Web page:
The classical case holds down to dimensions of fractions of microns and optics and interference of light are phenomena observed and explained with classical electrodynamics. Your straight lines belong to the geometrical optics part of the case. In this framework amplitude increase means to increase the energy the light carries in the field, the amplitude is the height of the electric and magnetic field. Increasing the energy content will not add wiggles :). The path will follow the same classical optical rays.

In the quantum mechanical /particle case the photon is characterized by its frequency nu, the same as the frequency of the classical wave, but its existence has only two variables, spin (+/-1) and energy=h*nu where h is the Planck constant. There exists no amplitude to increase, but the interference pattern observed in the two slit experiment even when one photon at a time goes through is the effect of the quantum mechanical nature of particles ( and all of nature at the micro level). The paths of particles at the quantum mechanical level do not obey the laws of classical mechanics but are dependent on solutions of the quantum mechanical equations describing the dynamics of the problem. These solutions give probability waves, i.e. sinusoidal dependencies on space (x,y,z) and time to find the particle/photon at a specific space point. Note it is a probability to find it there, not a variation in the space distribution of the particle/photon, its energy is not spread out. You either see it at a point or not, with a calculable probability.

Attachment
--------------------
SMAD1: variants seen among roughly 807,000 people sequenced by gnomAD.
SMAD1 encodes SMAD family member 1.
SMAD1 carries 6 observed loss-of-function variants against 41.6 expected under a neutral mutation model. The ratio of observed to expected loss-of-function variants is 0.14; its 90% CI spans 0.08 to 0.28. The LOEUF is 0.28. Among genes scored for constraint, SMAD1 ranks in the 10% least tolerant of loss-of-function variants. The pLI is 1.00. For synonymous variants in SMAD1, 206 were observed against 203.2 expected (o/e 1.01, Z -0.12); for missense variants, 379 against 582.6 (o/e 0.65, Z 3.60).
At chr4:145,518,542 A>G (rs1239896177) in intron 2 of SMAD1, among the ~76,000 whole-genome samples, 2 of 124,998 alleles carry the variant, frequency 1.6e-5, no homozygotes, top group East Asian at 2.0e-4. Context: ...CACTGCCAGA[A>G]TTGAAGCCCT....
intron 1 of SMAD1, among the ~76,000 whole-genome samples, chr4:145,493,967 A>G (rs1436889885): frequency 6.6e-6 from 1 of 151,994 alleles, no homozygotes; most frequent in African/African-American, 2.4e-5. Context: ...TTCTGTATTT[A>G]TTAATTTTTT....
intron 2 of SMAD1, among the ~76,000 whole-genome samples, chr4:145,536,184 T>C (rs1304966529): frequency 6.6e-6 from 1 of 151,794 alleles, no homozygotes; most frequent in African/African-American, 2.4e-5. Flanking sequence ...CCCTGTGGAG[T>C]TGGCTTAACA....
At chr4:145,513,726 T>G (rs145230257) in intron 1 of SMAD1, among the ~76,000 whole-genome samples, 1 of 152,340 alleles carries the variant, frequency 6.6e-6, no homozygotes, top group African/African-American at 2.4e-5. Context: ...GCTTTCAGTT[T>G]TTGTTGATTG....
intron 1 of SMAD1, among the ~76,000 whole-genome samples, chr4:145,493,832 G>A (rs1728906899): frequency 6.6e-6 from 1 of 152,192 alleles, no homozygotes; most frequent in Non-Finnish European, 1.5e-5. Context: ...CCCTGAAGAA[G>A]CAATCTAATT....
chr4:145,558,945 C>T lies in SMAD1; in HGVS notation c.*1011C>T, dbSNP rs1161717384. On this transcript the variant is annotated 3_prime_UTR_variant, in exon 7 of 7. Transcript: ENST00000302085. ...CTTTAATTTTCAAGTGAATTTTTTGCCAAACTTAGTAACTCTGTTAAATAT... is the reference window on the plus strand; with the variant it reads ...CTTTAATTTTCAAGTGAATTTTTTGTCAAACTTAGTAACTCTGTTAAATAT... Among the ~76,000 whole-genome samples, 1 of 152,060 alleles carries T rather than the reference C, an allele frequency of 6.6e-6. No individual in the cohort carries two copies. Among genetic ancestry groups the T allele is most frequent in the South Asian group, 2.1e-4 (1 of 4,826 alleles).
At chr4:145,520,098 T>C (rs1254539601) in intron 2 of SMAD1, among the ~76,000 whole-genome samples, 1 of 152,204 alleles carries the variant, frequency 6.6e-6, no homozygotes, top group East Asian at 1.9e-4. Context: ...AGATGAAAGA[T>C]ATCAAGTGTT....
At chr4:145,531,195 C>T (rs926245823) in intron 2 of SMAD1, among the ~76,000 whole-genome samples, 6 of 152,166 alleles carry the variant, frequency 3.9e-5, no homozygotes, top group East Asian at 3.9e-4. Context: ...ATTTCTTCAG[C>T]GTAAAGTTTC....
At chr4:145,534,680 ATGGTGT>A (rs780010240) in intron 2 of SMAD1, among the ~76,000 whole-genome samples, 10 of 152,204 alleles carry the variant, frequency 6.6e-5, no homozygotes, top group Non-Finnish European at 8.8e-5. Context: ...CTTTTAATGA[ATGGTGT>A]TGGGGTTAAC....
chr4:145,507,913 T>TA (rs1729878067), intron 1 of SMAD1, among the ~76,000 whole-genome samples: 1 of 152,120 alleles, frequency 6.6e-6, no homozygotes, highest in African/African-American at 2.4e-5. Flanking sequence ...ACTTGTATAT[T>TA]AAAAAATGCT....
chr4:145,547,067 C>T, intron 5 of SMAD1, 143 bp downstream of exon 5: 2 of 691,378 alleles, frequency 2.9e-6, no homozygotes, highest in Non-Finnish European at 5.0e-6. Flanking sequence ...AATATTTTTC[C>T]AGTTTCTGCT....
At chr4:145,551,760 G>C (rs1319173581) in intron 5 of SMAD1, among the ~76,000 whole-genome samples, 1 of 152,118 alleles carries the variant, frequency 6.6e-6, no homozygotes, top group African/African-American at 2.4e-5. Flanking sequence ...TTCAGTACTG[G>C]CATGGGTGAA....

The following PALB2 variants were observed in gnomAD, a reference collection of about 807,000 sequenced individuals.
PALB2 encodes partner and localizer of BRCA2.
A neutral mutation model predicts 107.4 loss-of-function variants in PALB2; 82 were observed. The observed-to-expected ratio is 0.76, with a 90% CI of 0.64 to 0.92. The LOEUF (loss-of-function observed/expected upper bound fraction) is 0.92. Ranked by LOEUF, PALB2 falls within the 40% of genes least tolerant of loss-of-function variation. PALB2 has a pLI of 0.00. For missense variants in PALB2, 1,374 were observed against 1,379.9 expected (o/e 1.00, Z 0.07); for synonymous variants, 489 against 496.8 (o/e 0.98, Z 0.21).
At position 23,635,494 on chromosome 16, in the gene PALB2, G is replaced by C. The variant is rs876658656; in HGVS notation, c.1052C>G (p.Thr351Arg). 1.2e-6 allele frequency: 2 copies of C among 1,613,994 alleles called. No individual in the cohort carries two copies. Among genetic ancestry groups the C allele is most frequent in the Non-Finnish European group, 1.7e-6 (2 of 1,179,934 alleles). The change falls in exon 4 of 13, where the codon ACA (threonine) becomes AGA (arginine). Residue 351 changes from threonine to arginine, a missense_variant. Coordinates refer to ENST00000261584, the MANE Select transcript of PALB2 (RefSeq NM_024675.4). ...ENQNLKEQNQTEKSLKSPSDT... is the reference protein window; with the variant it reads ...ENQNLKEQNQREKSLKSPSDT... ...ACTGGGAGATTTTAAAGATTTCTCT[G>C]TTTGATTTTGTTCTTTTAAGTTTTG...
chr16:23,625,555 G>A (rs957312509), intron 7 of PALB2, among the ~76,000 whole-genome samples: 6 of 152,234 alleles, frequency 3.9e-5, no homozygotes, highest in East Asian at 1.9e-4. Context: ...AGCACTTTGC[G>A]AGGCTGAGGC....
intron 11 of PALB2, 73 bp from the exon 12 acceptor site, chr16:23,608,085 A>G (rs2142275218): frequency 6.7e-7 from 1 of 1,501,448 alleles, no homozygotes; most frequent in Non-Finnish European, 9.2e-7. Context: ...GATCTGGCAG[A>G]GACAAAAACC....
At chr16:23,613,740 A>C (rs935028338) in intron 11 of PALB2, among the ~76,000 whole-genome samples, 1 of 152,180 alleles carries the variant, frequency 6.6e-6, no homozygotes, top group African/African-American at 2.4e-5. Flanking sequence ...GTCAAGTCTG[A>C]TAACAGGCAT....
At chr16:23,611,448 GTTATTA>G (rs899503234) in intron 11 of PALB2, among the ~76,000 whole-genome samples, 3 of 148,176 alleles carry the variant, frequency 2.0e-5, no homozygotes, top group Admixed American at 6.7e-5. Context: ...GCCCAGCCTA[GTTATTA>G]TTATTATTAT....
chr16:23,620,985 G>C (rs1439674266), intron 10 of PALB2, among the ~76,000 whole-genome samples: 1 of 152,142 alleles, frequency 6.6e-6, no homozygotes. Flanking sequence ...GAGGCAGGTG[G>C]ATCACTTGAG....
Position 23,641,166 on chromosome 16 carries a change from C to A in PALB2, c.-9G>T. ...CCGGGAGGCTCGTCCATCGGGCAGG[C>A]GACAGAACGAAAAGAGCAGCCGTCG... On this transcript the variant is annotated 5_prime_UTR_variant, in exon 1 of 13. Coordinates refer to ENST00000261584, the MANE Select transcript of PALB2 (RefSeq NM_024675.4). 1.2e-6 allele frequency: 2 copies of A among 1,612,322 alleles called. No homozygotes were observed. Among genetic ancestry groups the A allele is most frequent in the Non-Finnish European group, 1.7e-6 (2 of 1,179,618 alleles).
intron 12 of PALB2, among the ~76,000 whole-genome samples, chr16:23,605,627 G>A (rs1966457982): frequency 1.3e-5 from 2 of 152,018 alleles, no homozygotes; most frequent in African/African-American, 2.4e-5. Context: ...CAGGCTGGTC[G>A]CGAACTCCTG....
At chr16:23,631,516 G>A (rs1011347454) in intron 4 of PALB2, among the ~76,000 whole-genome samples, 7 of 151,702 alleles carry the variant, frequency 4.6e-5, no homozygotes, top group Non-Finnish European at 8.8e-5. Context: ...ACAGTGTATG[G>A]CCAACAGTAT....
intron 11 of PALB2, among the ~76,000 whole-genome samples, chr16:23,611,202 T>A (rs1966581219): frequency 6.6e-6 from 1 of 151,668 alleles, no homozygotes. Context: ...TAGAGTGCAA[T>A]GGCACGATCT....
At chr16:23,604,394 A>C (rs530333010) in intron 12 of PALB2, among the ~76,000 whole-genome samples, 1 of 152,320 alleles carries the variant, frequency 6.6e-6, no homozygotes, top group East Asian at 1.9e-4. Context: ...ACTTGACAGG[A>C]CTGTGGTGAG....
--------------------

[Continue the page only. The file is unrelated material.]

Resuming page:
Thus in the quantum mechanical case there is no amplitude to be changed to see the interference pattern. The change in the boundary conditions of the problem ( one slit/two slits) changes the solution/probabilities and the interference appears. It characterizes the quantum mechanical nature of all phenomena at this scale ( electrons do that too).

The statement :

I have even heard that some things are too small to be seen because they are smaller than the wavelength of light (and therefore light wiggles around them.)

There are also the two frameworks in this case too. Too small and too large have to be quantified. Take radio waves, their wavelengths are so large that they do not see the atomic structure of some walls, for example , and can propagate through classically with a loss of energy. They do not wiggle, they might be deflected or reflected, but that can follow optical paths too.Visible light goes through glass, it does not "see" the atomic structure of glass, but it does not wiggle ( there would be great distortions), it follows calculable optical paths. When we go down to photons, the quantum mechanical nature will interact with the atomic structure and displacements may appear, governed by the probability for the quantum mechanical solution of the problem.

Too small to be seen by a given optical frequency means that the electromagnetic field does not interact as it passes the "small" but keeps its optical path.

For completeness the two, classical and quantum, merge smoothly when large numbers of photons are involved, as in the classical electromagnetic wave. How the classical is built up from the quantum is given here, but it needs a lot of physics background to understand.